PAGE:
Eve begins, then, with jubilation and astonishment! She has high hopes for Cain! However, in the very next verse we read the understated, “And again, she bore his brother Abel.” It is not just that the birth announcement of Abel is much less dramatic than that of Cain. It is also the naming of Abel.

The name Abel means “vanity or weakness” or “vapor,” something temporary, something doomed not to last.  Clyde Francisco has observed that some believe the name “Abel” may reflect Eve’s disappointment at realizing that Cain would not be the hero God had spoken of who would crush the head of the serpent when she realized Cain’s “stubborn nature even as a baby.”[1]Remember: she named Abel “Abel” obviously before Cain committed his great crime. This means that there was something in the boy Cain that led her to move from the elation of her initial announcement—“I have gotten an ish!”—to such a situation of despair that she called her second son “vapor.” Was calling Abel “vanity” or “vapor” a self-condemning statement of her own vanity in thinking that Cain could be the promised one or was the idea that of “weakness,” both her own, her children’s, her husband’s, and the whole human race’s, in the light of this frustration?

Even so, Cain falls far from Eve’s initial grand hopes and becomes for us a chilling cautionary tale of what happens when we turn from God.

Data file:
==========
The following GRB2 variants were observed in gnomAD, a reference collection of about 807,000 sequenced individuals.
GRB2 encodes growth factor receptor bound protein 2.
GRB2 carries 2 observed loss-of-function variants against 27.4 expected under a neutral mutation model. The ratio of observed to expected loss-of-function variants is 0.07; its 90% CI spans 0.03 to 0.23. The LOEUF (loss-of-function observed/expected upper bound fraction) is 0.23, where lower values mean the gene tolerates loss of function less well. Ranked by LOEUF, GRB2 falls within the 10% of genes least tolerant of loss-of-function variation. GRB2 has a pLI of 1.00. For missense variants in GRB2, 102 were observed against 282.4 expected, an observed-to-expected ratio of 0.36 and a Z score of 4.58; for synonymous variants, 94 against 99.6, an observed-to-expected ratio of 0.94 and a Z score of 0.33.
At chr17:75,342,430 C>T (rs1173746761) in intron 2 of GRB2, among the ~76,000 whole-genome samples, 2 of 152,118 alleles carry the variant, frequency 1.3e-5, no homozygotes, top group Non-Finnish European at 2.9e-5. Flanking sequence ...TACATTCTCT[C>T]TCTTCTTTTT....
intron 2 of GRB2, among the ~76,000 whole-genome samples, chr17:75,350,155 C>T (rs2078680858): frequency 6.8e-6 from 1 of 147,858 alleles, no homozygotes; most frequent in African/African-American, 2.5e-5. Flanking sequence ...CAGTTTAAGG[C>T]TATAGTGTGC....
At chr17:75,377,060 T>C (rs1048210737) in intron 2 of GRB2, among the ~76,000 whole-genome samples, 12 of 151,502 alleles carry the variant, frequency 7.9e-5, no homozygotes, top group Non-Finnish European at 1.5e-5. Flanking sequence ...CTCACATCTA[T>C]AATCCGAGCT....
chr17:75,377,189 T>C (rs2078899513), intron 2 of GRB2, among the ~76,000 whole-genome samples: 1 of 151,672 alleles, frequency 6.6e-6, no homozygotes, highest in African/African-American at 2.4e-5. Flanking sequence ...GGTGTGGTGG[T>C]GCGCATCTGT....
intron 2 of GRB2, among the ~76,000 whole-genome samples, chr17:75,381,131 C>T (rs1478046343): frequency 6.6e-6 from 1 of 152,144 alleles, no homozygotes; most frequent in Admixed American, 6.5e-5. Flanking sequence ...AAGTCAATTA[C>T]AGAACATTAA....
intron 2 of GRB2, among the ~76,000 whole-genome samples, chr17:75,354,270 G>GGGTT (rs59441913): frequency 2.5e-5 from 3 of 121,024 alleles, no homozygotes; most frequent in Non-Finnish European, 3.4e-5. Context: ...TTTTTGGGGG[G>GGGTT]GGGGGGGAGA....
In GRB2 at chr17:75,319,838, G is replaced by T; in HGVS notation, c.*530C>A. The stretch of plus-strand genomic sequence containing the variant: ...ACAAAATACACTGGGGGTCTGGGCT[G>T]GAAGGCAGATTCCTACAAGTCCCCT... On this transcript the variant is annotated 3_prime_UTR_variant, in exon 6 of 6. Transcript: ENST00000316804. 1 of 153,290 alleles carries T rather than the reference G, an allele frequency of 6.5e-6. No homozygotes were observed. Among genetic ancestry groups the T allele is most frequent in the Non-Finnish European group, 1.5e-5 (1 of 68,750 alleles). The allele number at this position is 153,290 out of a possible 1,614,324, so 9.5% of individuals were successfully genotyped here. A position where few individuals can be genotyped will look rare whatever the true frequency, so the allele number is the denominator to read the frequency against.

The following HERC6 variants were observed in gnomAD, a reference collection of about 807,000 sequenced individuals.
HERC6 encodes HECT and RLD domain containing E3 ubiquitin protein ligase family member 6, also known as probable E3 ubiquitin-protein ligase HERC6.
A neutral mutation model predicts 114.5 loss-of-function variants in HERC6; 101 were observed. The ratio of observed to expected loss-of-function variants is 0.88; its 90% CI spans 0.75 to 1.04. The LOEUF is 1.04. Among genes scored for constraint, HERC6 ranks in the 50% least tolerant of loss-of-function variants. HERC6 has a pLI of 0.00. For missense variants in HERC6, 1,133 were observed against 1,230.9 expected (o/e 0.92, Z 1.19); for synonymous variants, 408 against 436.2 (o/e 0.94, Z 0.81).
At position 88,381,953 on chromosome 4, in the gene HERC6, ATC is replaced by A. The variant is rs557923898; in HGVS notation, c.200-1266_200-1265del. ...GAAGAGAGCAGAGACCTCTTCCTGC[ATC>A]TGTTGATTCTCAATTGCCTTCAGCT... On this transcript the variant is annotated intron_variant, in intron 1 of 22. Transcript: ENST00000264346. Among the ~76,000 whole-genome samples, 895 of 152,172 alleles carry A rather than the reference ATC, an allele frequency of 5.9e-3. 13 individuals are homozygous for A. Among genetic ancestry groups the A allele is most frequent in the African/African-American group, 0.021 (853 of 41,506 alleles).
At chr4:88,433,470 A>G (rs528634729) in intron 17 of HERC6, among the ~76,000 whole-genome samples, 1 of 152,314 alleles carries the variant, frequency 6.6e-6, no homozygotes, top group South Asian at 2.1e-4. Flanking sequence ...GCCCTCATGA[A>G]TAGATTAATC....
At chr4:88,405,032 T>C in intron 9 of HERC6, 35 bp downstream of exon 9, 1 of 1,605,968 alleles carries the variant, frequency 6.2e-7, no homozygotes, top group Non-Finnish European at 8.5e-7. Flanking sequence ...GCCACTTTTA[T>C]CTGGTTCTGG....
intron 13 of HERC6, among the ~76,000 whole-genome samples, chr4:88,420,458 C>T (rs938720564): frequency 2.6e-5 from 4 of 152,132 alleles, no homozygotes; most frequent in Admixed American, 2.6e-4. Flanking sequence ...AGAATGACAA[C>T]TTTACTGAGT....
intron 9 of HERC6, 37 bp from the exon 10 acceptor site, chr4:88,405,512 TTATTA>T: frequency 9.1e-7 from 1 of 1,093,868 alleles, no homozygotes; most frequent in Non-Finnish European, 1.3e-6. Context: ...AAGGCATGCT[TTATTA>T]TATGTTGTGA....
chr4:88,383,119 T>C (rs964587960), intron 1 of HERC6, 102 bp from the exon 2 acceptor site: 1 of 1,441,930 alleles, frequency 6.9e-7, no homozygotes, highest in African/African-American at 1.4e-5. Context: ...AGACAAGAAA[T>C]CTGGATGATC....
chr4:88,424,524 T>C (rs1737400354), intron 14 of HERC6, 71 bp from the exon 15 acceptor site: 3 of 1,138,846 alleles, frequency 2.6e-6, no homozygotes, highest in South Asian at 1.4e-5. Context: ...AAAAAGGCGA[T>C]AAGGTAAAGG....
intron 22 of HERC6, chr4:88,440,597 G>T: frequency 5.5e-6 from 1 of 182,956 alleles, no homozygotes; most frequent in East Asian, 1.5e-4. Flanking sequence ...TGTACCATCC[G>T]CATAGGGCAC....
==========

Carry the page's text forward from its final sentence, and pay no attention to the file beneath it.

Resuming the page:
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Genesis 3:14-24

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Genesis 3

14 The Lord God said to the serpent, “Because you have done this, cursed are you above all livestock and above all beasts of the field; on your belly you shall go, and dust you shall eat all the days of your life. 15 I will put enmity between you and the woman, and between your offspring and her offspring; he shall bruise your head, and you shall bruise his heel.” 16 To the woman he said, “I will surely multiply your pain in childbearing; in pain you shall bring forth children. Your desire shall be contrary to your husband, but he shall rule over you.” 17 And to Adam he said, “Because you have listened to the voice of your wife and have eaten of the tree of which I commanded you, ‘You shall not eat of it,’ cursed is the ground because of you; in pain you shall eat of it all the days of your life; 18 thorns and thistles it shall bring forth for you; and you shall eat the plants of the field. 19 By the sweat of your face you shall eat bread, till you return to the ground, for out of it you were taken; for you are dust, and to dust you shall return.” 20 The man called his wife’s name Eve, because she was the mother of all living.21 And the Lord God made for Adam and for his wife garments of skins and clothed them. 22 Then the Lord God said, “Behold, the man has become like one of us in knowing good and evil. Now, lest he reach out his hand and take also of the tree of life and eat, and live forever—” 23 therefore the Lord God sent him out from the garden of Eden to work the ground from which he was taken. 24 He drove out the man, and at the east of the garden of Eden he placed the cherubim and a flaming sword that turned every way to guard the way to the tree of life.